It was already late in the day when I arrived at Columbia Winery on one of my early visits to Washington. It was 1989, and Columbia’s wines were already highly regarded for their refinement and grace. I was looking forward to meeting the winemaker, David Lake.
The winery was quiet. He was the only one there in the cavernous warehouse-style building, and I had to wander around to several doors before I finally located him. Lake and I had just finished tasting through his Chardonnays, Chenin Blancs, Merlots and Cabernet Sauvignons. “Want to try something different?” he asked with a mischievous look.
He walked across the cellar to an upright cask and tapped off a taste of Syrah. It was the first one made in Washington. Only a few producers in California were making Syrah at that time, but Lake had an inkling that a vineyard he was buying Cabernet, Merlot and Chardonnay from might be just the place to grow it. He convinced the grower, Mike Sauer, to plant Syrah on a steep hillside at his Red Willow Vineyard. It reminded Lake of Hermitage in France.
That taste of Syrah impressed me more than the Cabs and Merlots had. Over the years, the Red Willow Syrah consistently rated among the best wines from Columbia, and it inspired a burgeoning number of other growers and winemakers to pursue Syrah. Today, as well as Washington does with Cabernet, Merlot, Chardonnay and Riesling, Syrah is what the state does best.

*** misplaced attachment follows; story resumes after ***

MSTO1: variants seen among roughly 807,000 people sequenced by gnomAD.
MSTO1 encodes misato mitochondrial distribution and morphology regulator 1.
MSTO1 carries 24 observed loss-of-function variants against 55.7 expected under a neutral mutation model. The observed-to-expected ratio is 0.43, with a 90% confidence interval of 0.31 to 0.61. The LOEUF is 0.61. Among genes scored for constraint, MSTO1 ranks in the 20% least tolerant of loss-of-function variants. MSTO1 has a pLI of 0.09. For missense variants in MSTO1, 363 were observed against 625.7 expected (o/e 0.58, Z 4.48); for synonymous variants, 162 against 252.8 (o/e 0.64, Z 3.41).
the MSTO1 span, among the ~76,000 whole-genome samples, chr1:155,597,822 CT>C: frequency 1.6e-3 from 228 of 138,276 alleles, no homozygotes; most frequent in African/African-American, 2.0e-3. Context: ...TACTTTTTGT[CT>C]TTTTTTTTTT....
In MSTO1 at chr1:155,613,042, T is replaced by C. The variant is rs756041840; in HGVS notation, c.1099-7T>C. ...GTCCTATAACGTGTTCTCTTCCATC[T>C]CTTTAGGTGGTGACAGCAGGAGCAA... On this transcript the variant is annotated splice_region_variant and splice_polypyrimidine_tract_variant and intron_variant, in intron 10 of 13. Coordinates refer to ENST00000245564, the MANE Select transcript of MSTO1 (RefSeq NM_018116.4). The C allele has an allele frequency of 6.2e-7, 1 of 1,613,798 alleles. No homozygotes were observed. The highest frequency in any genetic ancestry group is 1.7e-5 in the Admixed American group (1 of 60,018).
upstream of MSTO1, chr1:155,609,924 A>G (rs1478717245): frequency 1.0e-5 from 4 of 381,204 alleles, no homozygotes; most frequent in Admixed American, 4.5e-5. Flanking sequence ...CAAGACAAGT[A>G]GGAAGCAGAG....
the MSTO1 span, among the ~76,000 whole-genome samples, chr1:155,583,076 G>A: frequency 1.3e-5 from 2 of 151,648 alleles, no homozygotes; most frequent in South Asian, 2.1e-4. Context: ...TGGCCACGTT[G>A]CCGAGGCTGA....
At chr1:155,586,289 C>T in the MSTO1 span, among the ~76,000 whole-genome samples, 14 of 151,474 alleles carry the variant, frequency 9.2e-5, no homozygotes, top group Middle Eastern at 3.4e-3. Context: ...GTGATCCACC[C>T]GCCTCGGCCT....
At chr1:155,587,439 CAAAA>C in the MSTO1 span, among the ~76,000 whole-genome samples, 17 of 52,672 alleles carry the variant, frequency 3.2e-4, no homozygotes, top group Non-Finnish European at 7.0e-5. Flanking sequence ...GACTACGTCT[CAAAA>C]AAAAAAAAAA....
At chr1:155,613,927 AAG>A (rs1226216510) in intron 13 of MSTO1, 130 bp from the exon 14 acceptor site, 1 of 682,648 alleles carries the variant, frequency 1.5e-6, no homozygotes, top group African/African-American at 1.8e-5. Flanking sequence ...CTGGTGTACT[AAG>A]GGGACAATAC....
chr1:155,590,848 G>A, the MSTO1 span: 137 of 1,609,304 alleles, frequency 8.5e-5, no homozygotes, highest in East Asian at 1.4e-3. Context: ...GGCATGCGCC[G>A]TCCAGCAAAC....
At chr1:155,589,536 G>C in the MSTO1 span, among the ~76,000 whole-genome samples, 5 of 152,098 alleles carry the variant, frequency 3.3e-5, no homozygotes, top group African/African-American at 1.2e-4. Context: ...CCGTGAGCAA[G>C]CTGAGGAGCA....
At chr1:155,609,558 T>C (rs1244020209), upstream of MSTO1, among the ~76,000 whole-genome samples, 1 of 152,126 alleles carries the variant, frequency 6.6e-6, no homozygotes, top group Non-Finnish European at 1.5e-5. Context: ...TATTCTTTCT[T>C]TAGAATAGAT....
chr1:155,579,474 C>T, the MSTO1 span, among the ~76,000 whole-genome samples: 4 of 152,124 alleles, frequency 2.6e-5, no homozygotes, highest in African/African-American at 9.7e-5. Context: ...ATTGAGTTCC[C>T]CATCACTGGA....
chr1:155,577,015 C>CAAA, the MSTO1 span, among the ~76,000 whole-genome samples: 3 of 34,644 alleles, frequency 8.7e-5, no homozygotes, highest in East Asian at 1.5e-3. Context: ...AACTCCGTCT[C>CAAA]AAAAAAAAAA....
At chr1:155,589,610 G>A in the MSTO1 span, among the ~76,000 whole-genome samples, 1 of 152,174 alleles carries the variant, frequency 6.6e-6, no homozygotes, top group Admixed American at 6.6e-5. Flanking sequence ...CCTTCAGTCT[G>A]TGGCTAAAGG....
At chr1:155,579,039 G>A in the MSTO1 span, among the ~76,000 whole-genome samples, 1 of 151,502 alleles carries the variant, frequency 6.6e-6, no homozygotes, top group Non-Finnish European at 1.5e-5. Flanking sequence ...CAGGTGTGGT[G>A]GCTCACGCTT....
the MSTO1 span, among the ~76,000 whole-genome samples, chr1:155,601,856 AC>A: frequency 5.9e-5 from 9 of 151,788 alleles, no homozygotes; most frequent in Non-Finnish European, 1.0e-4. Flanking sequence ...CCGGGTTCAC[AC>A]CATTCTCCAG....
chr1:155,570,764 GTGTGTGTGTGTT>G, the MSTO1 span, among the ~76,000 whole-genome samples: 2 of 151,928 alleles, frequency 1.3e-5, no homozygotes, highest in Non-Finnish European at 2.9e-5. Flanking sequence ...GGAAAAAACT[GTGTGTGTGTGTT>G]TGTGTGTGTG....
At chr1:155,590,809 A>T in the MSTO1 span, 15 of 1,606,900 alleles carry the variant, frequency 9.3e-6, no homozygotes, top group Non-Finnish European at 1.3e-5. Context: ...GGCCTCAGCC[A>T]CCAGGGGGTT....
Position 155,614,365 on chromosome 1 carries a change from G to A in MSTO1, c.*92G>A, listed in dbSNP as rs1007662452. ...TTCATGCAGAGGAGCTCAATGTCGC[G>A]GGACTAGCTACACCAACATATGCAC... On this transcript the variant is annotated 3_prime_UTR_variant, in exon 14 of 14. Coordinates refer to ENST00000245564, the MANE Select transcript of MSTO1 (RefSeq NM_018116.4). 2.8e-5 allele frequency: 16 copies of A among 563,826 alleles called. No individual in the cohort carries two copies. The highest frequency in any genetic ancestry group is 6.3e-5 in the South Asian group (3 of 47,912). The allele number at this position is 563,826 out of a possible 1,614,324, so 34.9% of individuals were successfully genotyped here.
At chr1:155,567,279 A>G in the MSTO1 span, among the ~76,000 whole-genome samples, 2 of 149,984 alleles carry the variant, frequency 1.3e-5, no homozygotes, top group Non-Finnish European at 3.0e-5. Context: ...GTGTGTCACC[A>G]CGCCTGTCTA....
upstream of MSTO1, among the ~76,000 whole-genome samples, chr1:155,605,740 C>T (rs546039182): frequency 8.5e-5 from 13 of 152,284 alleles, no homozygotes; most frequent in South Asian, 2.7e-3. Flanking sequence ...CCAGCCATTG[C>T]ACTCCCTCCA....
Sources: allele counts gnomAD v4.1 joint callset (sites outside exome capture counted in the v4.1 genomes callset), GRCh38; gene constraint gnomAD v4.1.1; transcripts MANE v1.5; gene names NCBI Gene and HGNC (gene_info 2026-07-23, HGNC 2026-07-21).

Lake’s death earlier this week (he was 66) brought back the memory of that first meeting with him and that first taste of Syrah. He also made Washington’s first Cabernet Franc and Pinot Gris, two grapes that have caught on with a limited number of producers but show wider promise. And those Red Willow bottlings represented the first single-vineyard wines in Washington.
A fourth-generation Canadian, he was born in London and left a comfortable life in the British wholesale wine trade there to study winemaking at the University of California at Davis. He had been making wine at Columbia for eight years when I met him. He retired in 2005, after two heart surgeries and a bout with cancer slowed him.
He always struck me as a quiet, unassuming guy, driven by a passion for winemaking, not ego. He stuck to making light, graceful wines even while others around him earned bigger scores and other plaudits for riper, fuller-bodied styles. On later visits, he set up vertical tastings for me of his various reds. They aged well, retaining their freshness. I always wished they had more depth, more flavor, but they were impeccably made. And Lake always met me with a smile, even though others often gave his wines higher scores than I did.
That’s one more thing to admire about this graceful man. He was genuinely liked and admired, and his long-term thinking made a big difference for Washington’s wine.
Pacific Rim Winemakers — Portland, OR — October 8, 2009 7:42pm ET
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